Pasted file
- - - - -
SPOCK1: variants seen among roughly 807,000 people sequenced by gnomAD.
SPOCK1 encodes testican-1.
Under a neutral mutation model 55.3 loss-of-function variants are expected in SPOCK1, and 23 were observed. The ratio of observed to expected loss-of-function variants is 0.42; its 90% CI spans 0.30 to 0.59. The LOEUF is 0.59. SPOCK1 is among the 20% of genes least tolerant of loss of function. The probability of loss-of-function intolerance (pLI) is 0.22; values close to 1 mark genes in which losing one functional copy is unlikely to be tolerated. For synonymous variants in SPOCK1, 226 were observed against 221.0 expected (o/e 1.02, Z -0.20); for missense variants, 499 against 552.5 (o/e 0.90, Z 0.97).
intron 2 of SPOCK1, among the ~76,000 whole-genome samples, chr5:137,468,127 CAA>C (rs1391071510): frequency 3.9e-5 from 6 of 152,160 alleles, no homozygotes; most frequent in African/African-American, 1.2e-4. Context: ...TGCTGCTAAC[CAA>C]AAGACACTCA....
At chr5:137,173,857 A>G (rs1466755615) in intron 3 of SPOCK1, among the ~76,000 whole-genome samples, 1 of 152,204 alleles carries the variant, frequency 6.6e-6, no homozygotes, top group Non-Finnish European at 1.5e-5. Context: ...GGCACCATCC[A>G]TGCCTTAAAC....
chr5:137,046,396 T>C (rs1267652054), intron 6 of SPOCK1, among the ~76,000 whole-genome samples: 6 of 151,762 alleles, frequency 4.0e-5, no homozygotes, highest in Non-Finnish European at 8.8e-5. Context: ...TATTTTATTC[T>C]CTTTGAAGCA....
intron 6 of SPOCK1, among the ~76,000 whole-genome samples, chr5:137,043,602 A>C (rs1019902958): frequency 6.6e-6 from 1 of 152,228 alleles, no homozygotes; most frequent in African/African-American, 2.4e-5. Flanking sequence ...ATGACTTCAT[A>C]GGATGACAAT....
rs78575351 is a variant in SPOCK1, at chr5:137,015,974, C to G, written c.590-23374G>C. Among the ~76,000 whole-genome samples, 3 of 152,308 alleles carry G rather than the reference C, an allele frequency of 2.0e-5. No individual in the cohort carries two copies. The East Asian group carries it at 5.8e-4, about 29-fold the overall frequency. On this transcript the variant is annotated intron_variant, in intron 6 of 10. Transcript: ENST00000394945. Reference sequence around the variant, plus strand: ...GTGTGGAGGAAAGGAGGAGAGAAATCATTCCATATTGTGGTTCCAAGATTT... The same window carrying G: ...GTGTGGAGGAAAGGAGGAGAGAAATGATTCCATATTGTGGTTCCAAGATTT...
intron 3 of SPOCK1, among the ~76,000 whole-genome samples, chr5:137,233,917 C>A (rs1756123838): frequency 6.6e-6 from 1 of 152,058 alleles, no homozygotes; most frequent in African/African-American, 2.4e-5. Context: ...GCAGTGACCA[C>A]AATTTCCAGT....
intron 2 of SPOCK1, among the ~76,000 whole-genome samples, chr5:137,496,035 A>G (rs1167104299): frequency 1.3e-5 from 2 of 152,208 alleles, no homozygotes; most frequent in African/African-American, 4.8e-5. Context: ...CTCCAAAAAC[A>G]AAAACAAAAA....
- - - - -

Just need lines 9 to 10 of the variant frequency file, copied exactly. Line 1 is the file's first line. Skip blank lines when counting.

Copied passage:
intron 3 of SPOCK1, among the ~76,000 whole-genome samples, chr5:137,233,917 C>A (rs1756123838): frequency 6.6e-6 from 1 of 152,058 alleles, no homozygotes; most frequent in African/African-American, 2.4e-5. Context: ...GCAGTGACCA[C>A]AATTTCCAGT....
intron 2 of SPOCK1, among the ~76,000 whole-genome samples, chr5:137,496,035 A>G (rs1167104299): frequency 1.3e-5 from 2 of 152,208 alleles, no homozygotes; most frequent in African/African-American, 4.8e-5. Context: ...CTCCAAAAAC[A>G]AAAACAAAAA....